written by Hillevi Helm
Today, I happened to find myself in an armchair, doing nothing, not because I had nothing to do. In reality, I have plenty of things awaiting my attention, but today I simply didn’t have the energy for them. I sat there daydreaming about the trips I want to take. Such moments can take time.
When it comes to travel, I’m somewhat of a returner. My loved one claims to be an explorer; he keeps track of how many countries he’s visited, far more than I have, and I also want to explore new places. But there’s something special about returning to a place, a favorite café, or a bar. You walk in and notice that everything is just as it was, or perhaps not. Maybe someone has put up new wallpaper, maybe there are new owners. You can say somewhat surprised to the person working there, “You’ve certainly got new walls since the last time,” and it makes you feel a bit special.
One of many such places is tucked away in the shadows in Jerusalem. You enter through the Damascus Gate and follow the road down; it slopes with long, long flights of steps, crowded with vendors, mostly selling vegetables. But over the years, I’ve noticed that more and more clothing stalls have appeared, the kind that makes you wonder, who buys this? The neighborhood is predominantly Muslim, but right at the beginning of the steps into the bazaars, there’s a small bar. Here, you can sit and sip wine from the Golan Heights. The bar straddles the border between a Christian and a Muslim area, and the fact that its back end is free from religious restrictions allows them to serve wine.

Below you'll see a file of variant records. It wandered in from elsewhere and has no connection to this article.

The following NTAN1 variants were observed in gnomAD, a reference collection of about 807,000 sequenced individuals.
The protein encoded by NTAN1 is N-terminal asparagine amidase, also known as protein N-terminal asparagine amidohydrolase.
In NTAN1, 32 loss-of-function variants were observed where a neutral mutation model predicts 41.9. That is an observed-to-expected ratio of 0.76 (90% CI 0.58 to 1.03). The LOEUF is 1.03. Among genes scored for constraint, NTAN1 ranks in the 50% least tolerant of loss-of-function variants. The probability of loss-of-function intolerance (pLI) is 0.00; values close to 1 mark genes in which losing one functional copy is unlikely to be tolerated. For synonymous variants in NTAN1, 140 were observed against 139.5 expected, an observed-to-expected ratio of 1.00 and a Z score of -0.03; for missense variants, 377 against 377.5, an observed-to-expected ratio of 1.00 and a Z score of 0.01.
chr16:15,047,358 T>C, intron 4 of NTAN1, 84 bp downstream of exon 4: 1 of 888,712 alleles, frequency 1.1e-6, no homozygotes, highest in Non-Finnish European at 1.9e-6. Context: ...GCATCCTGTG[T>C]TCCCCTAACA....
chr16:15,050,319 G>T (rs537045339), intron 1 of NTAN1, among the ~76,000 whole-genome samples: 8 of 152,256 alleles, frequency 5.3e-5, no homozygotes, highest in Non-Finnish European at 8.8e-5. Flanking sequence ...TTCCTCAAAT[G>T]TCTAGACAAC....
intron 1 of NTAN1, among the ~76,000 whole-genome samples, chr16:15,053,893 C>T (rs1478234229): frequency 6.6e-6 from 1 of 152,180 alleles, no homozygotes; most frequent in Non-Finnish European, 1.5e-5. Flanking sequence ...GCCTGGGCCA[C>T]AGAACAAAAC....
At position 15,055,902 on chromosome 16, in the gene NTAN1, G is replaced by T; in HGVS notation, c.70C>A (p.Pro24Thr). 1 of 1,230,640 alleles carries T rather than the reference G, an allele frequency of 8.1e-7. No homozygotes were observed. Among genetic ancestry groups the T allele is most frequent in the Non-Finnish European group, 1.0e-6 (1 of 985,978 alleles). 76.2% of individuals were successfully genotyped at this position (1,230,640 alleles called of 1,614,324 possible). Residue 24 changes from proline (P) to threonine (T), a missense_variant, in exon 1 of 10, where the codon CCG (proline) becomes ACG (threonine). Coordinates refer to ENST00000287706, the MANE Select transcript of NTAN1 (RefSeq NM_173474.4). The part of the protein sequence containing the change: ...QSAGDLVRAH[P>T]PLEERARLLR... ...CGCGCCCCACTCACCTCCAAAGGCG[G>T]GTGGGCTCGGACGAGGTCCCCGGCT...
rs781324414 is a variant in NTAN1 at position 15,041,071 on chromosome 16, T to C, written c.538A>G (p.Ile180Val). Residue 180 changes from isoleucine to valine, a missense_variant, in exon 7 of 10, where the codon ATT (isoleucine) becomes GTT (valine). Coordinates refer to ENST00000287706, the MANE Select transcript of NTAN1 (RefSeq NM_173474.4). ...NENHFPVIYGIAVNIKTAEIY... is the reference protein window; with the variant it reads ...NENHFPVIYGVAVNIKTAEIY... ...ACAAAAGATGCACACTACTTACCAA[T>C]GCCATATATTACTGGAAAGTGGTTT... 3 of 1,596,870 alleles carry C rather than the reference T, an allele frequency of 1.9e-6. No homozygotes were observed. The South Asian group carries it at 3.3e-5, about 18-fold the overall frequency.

Here, you sit in the front row for observing everyday life, with food shopping. For many, it’s part of their daily religious life on their way to and from holy places, of which there are many nearby. The Jews hurry downwards, down the stairs. On Fridays, they are dressed in silk, hats that look like they’re made of beaver fur, who knows. High white knee socks and patent leather shoes. They stare at the ground; if I don’t see anyone, no one sees me either, is that how they think?
The Christians are heading in the opposite direction, with the holiest of holy churches right behind us, and an anglo-Saxon congregation comes in blue mantles with golden embroidery; it’s fascinating.
The everyday, tense life of armed individuals is also richly represented in blue, green, and gray uniforms, heavy weapons, and vacant stares. I’m not sure if it makes me feel safe or concerned.
I, at least, can’t get enough of looking. I feel like I’m in the middle of a Star Wars movie, on Tatooine, where Jabba the Hutt rules. I don’t think anyone would react much if Darth Vader passed by; there are many look-alikes circulating here. Orthodox priests, Catholic priests, Franciscan monks, these might resemble Yoda’s more, but they all fit in.
It’s easy for another glass to be poured.
One of the brothers from the bar comes and sits down, and we start to talk. Guess he recognises us from the days before.
“How’s life here? Are you getting along?”
He laughs a little and tells me that the family originally came from Armenia, but that was a few generations ago. He himself was raised in this house, still lives here with his wife, his brother and his family, as well as their parents.
“We here on the shelf,” he says, nodding towards the two neighboring coffee bars, “we’ve known each other for ages and keep an eye on each other’s businesses, helping out. We tolerate each other, we’re not enemies, but we don’t invite each other over for dinner either. It goes its own way.”
It seems worse in the house itself. Two brothers with wives and families, so at odds that they can’t speak to each other. We take care of the bar every other year; it works best that way. Then we’re not in each other’s way. Jerusalem seems to have its conflicts around every corner, I think, while two soldiers slip into a cafe next door, while we are still sipping wine.
It is going to be one of those long nights before we slip out of Damascus Gate.